Forced migration and homecoming

Updated - December 04, 2021 11:12 pm IST

Published - April 10, 2015 12:53 am IST

The return of Pandits to Kashmir is integral to any solution to the Kashmir dispute, but the proposal to create enclaves for them in the Valley is a misconceived element of tokenism that would do great harm and no good. Indeed, by pushing the idea of separate zones for Pandits, the Bharatiya Janata Party is in effect abdicating the responsibility of the government it heads at the Centre and of the government it is part of in Jammu and Kashmir, in restoring normality to the conflict-torn Valley. Without ensuring a peaceful climate for Muslims and Pandits to live together in Kashmir, creating clusters for Pandits would amount to little more than further dividing the State on religious lines. While religious polarisation might work for the parties in government, the BJP and the Peoples Democratic Party, it could have disastrous consequences for efforts to find a negotiated settlement to the Kashmir dispute taking into account the concerns of all stakeholders. Although Chief Minister Mufti Muhammad Sayeed has now denied any move to create a “separate homeland” for Pandits, there is little doubt that the idea initially found favour among leaders of both the BJP and the PDP. The two parties were the biggest beneficiaries of the polarisation on religious lines seen in the recent State Assembly election, and their leaders must have calculated that the proposal for separate zones could only accentuate the existing communal divides. For the BJP, this was a solution that would have had a resonance for its political constituency in the rest of India, and the party must have been hoping to sell it as a big step forward to resettle Hindu Pandits in Kashmir. In the PDP’s eyes, any effort by the BJP to mobilise Hindus politically in Jammu could lead to a consolidation of the Muslim vote in its favour in the Valley.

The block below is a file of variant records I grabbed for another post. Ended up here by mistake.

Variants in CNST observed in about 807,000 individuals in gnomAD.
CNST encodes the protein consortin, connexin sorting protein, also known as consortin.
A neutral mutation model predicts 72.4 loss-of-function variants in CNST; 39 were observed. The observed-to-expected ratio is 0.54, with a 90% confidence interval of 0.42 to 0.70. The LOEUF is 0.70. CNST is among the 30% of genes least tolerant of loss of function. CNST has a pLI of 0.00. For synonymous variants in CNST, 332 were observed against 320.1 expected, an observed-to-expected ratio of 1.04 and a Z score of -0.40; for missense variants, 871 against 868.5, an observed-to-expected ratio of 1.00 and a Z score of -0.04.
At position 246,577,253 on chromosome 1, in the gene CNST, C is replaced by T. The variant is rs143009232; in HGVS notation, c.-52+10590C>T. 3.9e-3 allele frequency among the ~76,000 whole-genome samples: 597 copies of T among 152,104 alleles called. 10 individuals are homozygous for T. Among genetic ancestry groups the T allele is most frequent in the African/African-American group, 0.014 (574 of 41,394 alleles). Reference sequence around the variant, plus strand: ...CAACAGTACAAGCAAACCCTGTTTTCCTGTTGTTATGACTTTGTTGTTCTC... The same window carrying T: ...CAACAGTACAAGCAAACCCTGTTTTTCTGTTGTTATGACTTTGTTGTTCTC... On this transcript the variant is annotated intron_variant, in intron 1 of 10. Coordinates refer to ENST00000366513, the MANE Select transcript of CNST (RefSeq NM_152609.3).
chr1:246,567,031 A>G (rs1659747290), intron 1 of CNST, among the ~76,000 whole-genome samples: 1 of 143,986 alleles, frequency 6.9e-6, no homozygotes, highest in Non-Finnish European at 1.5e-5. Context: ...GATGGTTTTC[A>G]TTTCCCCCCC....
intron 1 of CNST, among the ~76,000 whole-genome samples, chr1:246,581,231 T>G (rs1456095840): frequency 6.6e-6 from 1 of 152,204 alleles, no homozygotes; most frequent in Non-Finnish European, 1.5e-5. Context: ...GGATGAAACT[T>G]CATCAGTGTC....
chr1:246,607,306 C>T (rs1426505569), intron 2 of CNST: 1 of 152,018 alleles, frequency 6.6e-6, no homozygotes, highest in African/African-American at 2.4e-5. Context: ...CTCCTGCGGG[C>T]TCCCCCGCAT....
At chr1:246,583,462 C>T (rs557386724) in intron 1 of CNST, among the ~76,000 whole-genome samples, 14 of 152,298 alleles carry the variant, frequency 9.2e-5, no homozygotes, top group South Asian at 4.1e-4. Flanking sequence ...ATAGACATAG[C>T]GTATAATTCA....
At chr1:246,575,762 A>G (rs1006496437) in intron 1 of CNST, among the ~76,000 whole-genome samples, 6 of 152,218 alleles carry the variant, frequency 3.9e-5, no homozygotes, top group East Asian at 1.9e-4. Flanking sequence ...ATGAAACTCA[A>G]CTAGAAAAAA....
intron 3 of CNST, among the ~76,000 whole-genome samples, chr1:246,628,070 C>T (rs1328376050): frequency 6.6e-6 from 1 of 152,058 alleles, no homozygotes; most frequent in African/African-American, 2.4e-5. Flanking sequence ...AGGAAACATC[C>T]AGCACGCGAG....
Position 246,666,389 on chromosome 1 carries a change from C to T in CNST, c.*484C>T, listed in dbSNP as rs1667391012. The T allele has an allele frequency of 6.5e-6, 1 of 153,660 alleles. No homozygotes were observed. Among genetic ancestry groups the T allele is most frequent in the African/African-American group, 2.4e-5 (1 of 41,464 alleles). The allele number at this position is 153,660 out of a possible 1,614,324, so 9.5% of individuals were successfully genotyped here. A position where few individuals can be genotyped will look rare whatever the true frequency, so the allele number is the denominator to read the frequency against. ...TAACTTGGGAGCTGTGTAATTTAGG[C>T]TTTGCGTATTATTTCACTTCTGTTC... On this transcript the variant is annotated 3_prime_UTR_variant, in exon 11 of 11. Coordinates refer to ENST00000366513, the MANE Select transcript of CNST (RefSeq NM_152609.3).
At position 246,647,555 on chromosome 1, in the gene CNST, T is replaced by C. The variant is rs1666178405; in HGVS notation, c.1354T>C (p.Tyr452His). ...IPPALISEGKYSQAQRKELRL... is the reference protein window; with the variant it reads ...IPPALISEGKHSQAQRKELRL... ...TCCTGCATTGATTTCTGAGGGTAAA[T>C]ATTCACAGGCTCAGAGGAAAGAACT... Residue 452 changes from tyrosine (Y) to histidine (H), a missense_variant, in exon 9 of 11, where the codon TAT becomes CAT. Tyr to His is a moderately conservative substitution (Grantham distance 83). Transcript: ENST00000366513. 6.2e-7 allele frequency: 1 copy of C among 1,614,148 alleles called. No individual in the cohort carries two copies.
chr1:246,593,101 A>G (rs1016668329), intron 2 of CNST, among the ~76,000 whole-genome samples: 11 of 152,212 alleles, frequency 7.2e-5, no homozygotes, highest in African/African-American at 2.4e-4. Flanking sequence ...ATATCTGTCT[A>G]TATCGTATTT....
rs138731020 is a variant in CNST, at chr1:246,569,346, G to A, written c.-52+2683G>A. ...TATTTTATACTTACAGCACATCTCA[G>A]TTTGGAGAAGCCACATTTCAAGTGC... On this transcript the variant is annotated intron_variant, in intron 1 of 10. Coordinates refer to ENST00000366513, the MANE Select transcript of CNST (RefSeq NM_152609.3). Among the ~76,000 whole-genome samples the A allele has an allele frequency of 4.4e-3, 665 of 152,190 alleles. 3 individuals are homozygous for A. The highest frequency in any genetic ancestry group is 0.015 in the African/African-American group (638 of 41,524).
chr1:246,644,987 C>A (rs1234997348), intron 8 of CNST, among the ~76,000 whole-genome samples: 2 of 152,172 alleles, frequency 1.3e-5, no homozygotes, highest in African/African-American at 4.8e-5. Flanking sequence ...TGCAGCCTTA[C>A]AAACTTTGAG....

Had it not been for voices of protest from leaders of both the Muslim and Pandit communities, the proposal might have gone through. Kashmiri separatist leaders who sought to draw parallels between the enclaves and Israeli settlements in Palestine were surely overreacting, but there was little doubt that the proposal would only have worsened the situation for both Muslims and Pandits. After all, Pandits are longing to return to their native land, and not to specially created clusters away from their original homes. Unless they are able to return to their roots, their own places before the forced migration, homecoming would hold no significance. Their longing is for their homeland, for their old lives and livelihoods, and not for any parcelled piece of space in Kashmir. If the BJP’s leaders have not realised this, they have misdiagnosed the problems of the Pandits.

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